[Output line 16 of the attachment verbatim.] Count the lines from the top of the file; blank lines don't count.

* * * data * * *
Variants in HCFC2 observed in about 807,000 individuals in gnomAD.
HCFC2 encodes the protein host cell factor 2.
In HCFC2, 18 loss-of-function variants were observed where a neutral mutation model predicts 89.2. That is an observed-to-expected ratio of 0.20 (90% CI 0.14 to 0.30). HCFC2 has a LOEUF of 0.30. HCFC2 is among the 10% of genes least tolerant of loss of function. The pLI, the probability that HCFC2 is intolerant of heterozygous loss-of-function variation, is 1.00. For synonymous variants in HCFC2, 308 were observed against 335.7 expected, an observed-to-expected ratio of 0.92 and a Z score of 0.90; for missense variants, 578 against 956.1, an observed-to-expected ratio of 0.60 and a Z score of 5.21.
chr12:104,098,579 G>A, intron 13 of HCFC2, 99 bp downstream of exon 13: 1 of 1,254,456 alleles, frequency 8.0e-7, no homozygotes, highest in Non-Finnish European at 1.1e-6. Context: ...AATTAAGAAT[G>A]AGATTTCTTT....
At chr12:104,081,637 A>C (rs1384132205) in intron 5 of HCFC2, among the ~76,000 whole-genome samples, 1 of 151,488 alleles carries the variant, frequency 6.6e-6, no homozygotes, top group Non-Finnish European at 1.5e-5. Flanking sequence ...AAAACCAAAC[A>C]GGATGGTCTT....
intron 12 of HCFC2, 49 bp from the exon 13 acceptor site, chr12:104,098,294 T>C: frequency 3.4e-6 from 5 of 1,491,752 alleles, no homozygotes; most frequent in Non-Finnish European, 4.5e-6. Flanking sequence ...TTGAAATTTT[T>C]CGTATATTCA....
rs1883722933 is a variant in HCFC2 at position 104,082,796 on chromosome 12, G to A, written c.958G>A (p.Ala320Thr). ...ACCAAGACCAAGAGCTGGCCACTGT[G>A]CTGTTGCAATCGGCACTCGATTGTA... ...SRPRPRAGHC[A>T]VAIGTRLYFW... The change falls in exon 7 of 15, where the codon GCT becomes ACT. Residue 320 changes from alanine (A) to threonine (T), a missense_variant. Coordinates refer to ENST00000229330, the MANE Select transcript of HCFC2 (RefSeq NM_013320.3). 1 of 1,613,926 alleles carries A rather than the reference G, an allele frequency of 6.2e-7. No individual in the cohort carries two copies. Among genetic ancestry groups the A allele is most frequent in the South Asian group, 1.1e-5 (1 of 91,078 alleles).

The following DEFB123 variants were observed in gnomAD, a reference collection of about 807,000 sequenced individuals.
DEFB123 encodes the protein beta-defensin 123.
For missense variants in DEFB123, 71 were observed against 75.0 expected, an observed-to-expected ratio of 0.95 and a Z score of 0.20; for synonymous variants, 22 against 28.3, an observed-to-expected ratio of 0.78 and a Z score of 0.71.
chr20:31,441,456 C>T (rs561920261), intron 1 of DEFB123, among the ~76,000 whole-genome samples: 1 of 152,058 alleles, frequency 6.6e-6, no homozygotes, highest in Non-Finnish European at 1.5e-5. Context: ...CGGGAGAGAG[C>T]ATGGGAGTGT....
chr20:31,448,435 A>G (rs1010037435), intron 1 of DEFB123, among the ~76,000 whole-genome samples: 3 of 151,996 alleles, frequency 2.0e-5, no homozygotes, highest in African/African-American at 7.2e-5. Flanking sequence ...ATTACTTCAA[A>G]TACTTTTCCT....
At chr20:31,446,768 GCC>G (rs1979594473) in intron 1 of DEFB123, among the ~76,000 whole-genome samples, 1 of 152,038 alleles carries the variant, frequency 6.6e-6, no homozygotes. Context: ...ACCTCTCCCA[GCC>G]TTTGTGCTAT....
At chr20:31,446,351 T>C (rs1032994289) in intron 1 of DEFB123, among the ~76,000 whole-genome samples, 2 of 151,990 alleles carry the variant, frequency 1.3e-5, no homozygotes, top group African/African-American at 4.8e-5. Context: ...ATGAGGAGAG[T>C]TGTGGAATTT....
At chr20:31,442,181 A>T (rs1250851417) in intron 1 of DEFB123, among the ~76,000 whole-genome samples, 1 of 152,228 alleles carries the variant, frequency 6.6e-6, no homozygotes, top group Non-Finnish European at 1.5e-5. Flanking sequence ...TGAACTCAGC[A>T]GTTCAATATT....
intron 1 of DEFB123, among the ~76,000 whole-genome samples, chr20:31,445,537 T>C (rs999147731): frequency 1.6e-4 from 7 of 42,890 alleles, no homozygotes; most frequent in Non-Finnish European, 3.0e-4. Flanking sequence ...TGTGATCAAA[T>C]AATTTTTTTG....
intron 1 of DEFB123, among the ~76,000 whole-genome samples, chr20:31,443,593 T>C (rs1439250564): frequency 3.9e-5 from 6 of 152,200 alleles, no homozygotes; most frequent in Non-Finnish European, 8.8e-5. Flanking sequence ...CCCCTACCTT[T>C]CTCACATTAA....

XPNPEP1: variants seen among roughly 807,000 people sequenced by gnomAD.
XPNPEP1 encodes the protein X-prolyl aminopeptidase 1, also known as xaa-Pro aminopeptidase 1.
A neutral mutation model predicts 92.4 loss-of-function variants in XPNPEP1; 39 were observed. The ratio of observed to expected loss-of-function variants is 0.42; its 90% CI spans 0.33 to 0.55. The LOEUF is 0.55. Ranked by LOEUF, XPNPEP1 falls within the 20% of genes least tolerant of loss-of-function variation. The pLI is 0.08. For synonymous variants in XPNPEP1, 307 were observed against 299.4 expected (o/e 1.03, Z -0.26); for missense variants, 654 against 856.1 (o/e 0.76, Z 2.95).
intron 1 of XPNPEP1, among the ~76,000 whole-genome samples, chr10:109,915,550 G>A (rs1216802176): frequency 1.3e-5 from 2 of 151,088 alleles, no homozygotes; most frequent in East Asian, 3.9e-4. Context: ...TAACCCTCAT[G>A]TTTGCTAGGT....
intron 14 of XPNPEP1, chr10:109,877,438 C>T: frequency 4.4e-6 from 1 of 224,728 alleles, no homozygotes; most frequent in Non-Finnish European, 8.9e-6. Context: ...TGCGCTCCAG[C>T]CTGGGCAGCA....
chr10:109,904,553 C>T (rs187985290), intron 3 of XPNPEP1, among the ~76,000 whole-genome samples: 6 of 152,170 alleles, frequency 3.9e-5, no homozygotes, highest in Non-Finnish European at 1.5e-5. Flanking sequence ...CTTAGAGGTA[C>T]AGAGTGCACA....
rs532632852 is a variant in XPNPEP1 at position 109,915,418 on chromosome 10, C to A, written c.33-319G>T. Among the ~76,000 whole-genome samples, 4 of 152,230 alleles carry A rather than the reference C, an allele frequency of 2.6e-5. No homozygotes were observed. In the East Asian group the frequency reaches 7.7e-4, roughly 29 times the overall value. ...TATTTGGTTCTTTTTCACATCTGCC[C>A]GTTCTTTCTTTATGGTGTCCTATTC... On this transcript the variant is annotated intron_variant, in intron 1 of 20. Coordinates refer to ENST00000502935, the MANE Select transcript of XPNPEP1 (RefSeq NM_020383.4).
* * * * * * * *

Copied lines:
intron 1 of DEFB123, among the ~76,000 whole-genome samples, chr20:31,445,537 T>C (rs999147731): frequency 1.6e-4 from 7 of 42,890 alleles, no homozygotes; most frequent in Non-Finnish European, 3.0e-4. Flanking sequence ...TGTGATCAAA[T>C]AATTTTTTTG....